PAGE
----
Written by Christine Langhoff.
Christine is a lifelong Dorchester resident, a BPS grad, a mother to 3 BPS grads, and a BPS teacher who is happily retired after 36 great years teaching middle and high school students. She believes all students have a right to a fully funded public school education, and wants her neighbors’ kids to enjoy the same great education as she and her family have had.
About twenty years ago, Bill Gates got bored of torturing people with his Windows OS rollouts and turned his hand to fixing public education. Instead of paying taxes on the money he didn’t offshore, he set up a foundation and claimed those expenses as deductions.
That Gates knew nothing about public schools – he’d never attended one, never studied education (didn’t graduate college), never sent his kids to one – deterred him not at all. He knew it was bad and he knew what ought to be done. He funded a bunch of experiments, spending $2.3 billion promoting Common Core alone. There are tentacles that reach all across the nation’s public schools.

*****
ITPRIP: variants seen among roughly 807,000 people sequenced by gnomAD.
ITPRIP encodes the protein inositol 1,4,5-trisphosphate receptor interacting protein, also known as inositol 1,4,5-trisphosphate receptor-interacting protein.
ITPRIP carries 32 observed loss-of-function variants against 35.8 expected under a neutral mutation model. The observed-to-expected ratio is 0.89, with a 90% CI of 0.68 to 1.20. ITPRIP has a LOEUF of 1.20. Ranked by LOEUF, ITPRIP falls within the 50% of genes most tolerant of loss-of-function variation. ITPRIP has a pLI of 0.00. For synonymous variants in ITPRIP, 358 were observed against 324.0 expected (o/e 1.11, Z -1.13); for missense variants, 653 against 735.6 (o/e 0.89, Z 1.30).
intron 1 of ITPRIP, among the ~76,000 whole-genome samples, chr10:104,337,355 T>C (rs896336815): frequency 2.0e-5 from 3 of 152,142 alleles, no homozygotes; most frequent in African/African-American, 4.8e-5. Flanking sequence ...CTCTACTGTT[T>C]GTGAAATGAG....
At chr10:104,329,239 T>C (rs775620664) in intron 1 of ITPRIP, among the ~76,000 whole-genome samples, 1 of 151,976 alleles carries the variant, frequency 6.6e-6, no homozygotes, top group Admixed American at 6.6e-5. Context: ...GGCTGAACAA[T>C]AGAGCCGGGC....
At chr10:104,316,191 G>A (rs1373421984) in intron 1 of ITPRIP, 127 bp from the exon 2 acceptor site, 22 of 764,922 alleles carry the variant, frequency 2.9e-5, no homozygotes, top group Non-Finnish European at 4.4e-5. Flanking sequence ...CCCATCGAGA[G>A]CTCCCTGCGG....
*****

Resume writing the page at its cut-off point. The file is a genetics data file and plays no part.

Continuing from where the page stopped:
The Boston Compact is one of these tentacles. Here’s a press release from 2012. The deal for the Boston Compact was signed by Mayor Menino in 2011, but seemed to go dormant until Mayor Marty Walsh's administration. Now, we’re seeing it ramp up. Coincidentally:
And here’s the pitch for why we need the Compact:
Here’s the current homepage for The Boston Compact; you can see The Globe shilling for Unified Enrollment. The Compact wants to move @BostonSchools in a new direction, but it looks more like a one-way street.
On the other hand, here is the iconic BTU poster, saying “Everyone is Welcome Here”.
Think what everyone means:
When we say ALL, we mean ALL, which is how it should be, because that’s what it means to be “public”. That’s the mission. But it’s not the mission of the charters, nor of the Catholic schools. Those schools choose their students, either by limiting when/how they are admitted, not providing appropriate programming, or finding ways to move kids out if they’re not “a good fit”.
"Easy, Accessible, and Equitable"